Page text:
By: Ian MacLarty
You know that knife game you sometimes see in movies and TV shows, where some big shot tough guy quickly stabs the space between his fingers, trying to avoid mutilating himself? I wouldn’t actually attempt that myself, but I feel more capable of doing so after spending hours with Ian MacLarty’s Jumpgrid on iOS. It requires that same kind of finesse and precision — which I don’t usually have — but eases you into things at just the right pace so that your skills improve as you progress. Thankfully, I don’t lose a finger if I mess up — which is often! — so I’ve been eagerly going back for more of the insanity over the last week or so that I’ve had the game. If you like fast-paced, reflex-based games with flawless gesture controls, Jumpgrid is a must-have. But even if you don’t think it’s your speed, don’t walk away just yet, because the game offers accessibility options that mean just about anyone can enjoy it.
The name Jumpgrid is very literal, as you spend your time jumping around a 3×3 grid, snatching up gems. In the main level-based campaign, you need to grab the eight gems sitting on each node and then jump through the portal that opens in the center to get to the next level. You do so by simply swiping in the direction you want to move, making sure to avoid any moving obstacles that might get in your way. Besides simply jumping from one node to another, you can actually jump over hazards — if they’re not too big and there’s room for you to jump past them. Then on top of that, the grid is actually continuous in that you can jump off one edge and you’ll wrap around to the other side. I still have trouble getting used to that, but it isn’t a focus until the second quarter of the game, and it’s introduced at a comfortable pace that eases you into it. I hope with more practice, it will become second nature for me.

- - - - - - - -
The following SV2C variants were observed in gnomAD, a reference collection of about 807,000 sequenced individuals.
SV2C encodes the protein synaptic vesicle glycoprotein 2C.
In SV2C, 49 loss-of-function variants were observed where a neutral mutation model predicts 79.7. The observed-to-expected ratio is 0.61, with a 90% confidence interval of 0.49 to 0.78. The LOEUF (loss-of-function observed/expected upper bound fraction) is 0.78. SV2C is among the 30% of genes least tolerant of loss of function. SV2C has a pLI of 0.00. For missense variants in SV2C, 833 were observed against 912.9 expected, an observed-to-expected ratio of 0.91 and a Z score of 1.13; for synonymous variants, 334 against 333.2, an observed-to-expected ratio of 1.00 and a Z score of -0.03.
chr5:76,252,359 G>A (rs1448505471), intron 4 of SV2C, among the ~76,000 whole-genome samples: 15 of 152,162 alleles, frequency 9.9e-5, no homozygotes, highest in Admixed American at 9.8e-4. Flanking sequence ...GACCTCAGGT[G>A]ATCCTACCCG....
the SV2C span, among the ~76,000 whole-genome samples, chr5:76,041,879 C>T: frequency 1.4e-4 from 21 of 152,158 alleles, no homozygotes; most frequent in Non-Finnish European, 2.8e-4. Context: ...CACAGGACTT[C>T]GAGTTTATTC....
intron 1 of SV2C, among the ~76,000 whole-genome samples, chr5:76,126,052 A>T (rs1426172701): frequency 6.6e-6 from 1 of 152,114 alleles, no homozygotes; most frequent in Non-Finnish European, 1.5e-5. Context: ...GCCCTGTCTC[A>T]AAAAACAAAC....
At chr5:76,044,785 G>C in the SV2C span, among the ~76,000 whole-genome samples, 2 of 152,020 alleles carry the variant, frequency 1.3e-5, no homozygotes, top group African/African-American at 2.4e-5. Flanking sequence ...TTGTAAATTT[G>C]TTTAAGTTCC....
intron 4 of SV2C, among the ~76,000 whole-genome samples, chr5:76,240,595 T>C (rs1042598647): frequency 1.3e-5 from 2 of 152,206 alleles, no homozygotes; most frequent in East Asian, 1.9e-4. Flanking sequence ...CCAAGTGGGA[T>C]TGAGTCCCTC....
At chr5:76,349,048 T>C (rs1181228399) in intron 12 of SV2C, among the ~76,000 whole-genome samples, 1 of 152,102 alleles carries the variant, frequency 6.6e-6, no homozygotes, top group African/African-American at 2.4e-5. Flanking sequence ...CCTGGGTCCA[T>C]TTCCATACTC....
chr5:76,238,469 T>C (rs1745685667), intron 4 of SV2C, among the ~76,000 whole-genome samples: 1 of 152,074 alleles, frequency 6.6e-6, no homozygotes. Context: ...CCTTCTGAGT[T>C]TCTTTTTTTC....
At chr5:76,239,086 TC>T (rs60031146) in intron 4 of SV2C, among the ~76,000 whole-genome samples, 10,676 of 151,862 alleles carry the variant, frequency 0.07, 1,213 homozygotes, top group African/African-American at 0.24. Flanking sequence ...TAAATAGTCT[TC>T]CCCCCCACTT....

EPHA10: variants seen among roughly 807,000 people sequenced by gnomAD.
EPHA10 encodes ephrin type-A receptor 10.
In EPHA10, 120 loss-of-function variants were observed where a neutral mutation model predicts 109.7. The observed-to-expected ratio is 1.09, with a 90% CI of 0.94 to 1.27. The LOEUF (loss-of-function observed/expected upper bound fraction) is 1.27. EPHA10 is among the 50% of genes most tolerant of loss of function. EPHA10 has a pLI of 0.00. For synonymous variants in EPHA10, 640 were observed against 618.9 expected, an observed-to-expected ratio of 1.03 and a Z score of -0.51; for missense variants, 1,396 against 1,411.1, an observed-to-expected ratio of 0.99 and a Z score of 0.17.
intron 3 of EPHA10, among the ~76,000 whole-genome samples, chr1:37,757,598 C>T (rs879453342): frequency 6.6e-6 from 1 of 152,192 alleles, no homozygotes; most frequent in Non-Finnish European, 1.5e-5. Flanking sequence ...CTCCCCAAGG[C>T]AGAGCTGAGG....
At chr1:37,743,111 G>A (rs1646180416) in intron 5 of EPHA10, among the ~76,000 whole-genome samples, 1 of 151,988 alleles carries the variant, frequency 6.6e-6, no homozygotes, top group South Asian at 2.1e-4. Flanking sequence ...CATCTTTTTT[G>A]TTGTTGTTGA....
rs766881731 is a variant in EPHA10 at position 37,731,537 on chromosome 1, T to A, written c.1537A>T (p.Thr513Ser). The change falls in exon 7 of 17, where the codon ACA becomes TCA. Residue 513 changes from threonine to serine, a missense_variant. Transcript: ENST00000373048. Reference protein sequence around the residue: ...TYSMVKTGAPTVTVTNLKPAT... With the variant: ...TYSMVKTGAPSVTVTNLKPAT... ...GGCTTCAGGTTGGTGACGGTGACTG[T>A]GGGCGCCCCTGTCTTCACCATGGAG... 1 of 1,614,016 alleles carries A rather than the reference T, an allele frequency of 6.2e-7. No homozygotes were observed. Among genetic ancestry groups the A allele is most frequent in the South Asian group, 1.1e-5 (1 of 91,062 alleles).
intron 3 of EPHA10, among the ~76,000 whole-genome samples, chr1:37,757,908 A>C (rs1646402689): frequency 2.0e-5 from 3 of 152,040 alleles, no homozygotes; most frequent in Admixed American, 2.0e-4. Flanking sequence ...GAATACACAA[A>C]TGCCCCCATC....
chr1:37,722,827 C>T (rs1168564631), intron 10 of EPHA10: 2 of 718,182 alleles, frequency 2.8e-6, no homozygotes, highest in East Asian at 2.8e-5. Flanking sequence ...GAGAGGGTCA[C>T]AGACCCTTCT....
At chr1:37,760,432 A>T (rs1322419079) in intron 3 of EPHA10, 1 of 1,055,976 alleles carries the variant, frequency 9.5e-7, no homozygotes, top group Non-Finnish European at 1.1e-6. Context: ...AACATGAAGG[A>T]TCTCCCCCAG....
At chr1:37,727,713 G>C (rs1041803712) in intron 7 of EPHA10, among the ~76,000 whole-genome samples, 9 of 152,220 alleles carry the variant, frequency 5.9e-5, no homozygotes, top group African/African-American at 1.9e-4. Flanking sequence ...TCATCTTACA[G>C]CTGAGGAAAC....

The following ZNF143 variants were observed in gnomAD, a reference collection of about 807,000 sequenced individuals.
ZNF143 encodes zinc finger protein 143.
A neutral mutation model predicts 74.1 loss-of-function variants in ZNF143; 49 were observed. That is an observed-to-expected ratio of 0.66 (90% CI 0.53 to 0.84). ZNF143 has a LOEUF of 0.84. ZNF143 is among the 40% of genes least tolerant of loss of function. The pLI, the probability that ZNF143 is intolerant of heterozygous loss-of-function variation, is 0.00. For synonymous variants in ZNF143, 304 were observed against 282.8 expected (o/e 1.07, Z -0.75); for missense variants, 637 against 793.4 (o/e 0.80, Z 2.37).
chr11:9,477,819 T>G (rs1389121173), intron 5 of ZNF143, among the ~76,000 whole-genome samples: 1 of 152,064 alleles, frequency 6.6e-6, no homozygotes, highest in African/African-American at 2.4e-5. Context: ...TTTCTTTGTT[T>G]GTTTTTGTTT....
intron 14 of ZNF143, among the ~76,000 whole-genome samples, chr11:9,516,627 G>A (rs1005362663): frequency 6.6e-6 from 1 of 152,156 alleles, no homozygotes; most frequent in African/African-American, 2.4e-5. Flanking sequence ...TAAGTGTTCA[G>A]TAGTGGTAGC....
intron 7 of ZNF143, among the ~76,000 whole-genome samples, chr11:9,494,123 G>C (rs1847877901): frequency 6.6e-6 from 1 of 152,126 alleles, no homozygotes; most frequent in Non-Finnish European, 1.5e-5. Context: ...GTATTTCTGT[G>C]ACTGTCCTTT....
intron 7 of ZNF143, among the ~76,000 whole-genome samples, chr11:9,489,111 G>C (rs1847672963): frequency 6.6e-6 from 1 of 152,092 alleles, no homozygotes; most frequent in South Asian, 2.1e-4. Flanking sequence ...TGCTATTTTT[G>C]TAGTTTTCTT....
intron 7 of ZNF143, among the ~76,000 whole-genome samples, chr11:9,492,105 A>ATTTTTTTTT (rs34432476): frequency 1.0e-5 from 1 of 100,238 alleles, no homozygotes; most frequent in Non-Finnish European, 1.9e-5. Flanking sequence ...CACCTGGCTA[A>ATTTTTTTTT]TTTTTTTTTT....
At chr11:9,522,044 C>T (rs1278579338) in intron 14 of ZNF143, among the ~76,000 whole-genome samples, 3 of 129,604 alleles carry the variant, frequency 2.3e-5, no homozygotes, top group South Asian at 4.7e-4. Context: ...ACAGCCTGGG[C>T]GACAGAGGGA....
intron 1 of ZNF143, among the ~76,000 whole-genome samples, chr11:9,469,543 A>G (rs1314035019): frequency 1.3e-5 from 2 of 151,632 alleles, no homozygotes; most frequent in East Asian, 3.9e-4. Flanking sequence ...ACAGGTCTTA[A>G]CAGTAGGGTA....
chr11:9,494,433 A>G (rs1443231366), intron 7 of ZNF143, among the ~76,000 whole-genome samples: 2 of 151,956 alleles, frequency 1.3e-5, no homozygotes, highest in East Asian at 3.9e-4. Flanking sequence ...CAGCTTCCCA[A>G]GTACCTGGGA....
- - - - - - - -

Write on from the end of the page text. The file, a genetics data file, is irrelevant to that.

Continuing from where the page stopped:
It also helps that the controls are so perfectly responsive, that I never feel it’s the game’s fault when I mess up. Instead, I acknowledge I can do better and jump back in for another try. Even if I take a break to refresh my tired reflexes, it’s never far from my mind, because I’m eager to give it another shot. It’s so perfect for short sessions, that frustration never turns into ragequit. I’m at the halfway point of the game, the second boss, and so far each level — besides a few exceptions — has been bite-sized, relying more on persistence and one’s ability to learn, and less on stamina. Since each level has a set pattern in which the hazards move, you’ll likely lose a number of times while you’re watching and memorizing the pattern. This means each level is not just about reflexes, but also finding the best route. And sometimes it’s about knowing when to slow down. Honestly, it’s a little hard to even describe. The feeling of playing Jumpgrid is one of those things you won’t really understand until you’ve felt it. It’s almost like time slows down for you if you focus and let the game hone your skills. I’m surprised I even like it this much, as there are few skill-based games that manage to hold my attention like this.